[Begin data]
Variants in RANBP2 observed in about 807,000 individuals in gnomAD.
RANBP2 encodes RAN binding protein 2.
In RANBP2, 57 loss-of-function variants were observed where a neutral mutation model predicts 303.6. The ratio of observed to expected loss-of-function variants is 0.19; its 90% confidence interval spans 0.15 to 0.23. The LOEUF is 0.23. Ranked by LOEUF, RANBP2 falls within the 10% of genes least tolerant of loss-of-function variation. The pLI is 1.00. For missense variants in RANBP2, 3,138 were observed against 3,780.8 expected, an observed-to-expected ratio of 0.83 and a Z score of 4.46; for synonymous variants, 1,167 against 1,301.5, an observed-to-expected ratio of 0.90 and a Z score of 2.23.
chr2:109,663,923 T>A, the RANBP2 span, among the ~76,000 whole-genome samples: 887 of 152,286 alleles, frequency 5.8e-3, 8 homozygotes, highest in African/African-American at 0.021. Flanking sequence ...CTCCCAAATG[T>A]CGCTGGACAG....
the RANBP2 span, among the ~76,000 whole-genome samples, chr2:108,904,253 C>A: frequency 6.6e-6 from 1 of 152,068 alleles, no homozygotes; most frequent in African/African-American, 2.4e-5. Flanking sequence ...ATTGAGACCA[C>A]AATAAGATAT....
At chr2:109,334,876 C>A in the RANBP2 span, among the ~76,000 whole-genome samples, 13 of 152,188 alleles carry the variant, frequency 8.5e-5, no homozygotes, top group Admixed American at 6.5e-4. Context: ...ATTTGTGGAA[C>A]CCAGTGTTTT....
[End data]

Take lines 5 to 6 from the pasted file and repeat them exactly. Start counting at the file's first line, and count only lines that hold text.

the RANBP2 span, among the ~76,000 whole-genome samples, chr2:108,904,253 C>A: frequency 6.6e-6 from 1 of 152,068 alleles, no homozygotes; most frequent in African/African-American, 2.4e-5. Flanking sequence ...ATTGAGACCA[C>A]AATAAGATAT....
At chr2:109,334,876 C>A in the RANBP2 span, among the ~76,000 whole-genome samples, 13 of 152,188 alleles carry the variant, frequency 8.5e-5, no homozygotes, top group Admixed American at 6.5e-4. Context: ...ATTTGTGGAA[C>A]CCAGTGTTTT....